In this way, they are able to puff their chests out about the “freedom” of the media under capitalism, safe in the knowledge that the working class cannot hope to acquire the means to effectively inform, agitate and organise the masses with an alternative message.

The result, of course, is that the “news” is invariably biased: no matter what it is about, it is some form of ruling class presentation. Journalists working for capitalist media soon learn what their editors and owners will accept, and tailor their reporting accordingly. Or they find another job. The result is a uniformity of viewpoint on the “news” regardless of the particular mass media platform.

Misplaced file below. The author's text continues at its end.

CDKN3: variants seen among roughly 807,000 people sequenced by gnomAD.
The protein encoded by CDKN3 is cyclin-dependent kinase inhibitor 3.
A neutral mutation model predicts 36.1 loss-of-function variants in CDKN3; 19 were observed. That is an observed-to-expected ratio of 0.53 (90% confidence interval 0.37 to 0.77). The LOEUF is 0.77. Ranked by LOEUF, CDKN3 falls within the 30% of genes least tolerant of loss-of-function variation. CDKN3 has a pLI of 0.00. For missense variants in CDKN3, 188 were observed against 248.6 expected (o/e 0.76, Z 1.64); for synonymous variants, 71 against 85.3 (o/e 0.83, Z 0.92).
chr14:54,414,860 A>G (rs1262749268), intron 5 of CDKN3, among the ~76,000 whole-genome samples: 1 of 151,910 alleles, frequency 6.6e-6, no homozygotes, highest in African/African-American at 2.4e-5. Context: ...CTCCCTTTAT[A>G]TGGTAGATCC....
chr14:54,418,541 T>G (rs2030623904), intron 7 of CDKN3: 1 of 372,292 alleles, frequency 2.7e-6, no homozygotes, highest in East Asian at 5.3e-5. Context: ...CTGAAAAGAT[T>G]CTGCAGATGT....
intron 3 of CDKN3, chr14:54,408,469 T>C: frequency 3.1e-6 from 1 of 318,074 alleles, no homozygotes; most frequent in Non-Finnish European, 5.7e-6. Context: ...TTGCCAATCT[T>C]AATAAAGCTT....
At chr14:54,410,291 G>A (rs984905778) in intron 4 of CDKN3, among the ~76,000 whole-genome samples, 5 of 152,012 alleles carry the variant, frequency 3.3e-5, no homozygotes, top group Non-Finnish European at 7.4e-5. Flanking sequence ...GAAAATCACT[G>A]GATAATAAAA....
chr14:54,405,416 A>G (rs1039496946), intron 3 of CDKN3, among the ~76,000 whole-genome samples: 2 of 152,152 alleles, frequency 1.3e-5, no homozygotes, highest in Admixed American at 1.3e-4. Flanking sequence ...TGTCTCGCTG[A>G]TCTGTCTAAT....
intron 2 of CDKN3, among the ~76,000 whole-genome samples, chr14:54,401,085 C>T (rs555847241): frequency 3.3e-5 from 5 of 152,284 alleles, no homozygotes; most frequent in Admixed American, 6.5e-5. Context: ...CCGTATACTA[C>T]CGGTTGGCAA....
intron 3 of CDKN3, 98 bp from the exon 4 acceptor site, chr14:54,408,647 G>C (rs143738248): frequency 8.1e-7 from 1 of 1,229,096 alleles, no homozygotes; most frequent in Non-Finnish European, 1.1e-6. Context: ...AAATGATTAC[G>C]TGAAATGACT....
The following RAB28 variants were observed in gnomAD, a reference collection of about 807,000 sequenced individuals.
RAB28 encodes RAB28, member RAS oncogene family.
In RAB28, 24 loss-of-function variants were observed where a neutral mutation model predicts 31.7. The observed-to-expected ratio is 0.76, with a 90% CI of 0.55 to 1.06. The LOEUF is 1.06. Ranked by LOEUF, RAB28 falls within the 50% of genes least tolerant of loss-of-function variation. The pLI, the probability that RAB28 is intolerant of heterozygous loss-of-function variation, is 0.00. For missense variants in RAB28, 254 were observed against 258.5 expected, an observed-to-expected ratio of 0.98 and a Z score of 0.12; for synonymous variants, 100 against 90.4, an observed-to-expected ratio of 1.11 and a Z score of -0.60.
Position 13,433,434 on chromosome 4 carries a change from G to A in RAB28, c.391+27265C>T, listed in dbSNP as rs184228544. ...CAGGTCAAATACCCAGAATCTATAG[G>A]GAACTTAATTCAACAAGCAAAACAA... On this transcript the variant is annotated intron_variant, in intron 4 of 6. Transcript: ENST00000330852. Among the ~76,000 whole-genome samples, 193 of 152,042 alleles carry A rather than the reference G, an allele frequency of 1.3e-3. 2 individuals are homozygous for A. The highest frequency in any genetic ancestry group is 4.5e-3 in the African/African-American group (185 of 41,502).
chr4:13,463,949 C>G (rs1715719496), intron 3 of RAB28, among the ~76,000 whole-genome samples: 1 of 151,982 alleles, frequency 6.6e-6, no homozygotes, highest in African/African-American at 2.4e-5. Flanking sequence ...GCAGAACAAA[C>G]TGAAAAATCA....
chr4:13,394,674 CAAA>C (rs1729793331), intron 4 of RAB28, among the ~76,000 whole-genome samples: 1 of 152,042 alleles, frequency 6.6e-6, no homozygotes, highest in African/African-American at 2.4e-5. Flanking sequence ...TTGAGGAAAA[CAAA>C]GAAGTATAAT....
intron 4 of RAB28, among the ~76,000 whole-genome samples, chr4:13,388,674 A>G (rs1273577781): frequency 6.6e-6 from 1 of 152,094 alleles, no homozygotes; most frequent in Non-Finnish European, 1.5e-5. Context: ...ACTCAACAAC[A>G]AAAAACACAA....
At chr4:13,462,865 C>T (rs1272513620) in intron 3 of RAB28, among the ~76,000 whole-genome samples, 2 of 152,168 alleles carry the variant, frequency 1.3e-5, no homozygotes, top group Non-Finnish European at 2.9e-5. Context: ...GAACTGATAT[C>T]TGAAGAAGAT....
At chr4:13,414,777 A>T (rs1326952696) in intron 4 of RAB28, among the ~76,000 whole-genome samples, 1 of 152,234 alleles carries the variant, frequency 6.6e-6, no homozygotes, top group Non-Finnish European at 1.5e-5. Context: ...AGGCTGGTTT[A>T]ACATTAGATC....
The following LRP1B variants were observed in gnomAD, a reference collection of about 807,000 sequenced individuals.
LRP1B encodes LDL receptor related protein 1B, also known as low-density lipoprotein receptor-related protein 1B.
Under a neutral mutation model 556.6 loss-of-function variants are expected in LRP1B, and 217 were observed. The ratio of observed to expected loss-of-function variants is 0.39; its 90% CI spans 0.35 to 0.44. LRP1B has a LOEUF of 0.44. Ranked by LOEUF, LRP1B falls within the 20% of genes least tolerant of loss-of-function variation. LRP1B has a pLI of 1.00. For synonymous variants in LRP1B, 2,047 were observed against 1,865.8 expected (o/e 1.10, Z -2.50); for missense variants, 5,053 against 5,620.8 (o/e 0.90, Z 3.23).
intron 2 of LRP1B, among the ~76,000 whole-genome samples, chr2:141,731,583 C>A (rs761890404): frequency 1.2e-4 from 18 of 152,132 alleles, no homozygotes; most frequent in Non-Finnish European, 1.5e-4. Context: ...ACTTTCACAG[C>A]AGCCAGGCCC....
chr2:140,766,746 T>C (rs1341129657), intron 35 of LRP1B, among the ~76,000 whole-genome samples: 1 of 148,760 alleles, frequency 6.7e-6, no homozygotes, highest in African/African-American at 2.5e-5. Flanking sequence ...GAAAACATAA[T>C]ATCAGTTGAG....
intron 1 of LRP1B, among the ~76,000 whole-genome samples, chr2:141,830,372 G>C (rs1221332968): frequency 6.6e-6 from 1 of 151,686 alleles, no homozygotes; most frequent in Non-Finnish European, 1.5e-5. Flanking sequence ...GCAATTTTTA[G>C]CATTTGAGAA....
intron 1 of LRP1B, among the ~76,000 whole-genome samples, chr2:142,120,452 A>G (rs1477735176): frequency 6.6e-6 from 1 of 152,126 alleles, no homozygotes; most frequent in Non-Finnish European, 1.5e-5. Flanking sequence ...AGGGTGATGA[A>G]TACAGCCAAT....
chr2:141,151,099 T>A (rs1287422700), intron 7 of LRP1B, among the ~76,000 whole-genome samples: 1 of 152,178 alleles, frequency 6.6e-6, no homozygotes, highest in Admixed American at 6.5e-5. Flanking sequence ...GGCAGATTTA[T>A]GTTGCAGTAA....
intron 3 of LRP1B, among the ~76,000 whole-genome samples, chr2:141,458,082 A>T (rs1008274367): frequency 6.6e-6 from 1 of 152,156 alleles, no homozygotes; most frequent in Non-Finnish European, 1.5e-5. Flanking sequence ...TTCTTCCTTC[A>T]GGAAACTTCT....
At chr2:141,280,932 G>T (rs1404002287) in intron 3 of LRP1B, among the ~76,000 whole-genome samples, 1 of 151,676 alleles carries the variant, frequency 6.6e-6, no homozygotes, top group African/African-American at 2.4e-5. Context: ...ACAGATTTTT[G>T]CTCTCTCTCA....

This uniformity of viewpoint should be an indication to the mass of the people that this source of information is suspect, at least. Instead, capitalism has cleverly turned it into a propaganda virtue: if every news outlet is saying the same thing, it must be true. Right?

Hardly. On March 22, Russia Today published a piece comparing the approach taken by the capitalist media covering the fighting in and around the city of Mosul with the approach those same media took when reporting on the liberation of Aleppo from Daesh/IS. Russia Today was particularly interested in why the Western mainstream media was downplaying the civilian casualties in Mosul, when similar casualties in Aleppo made strident headlines.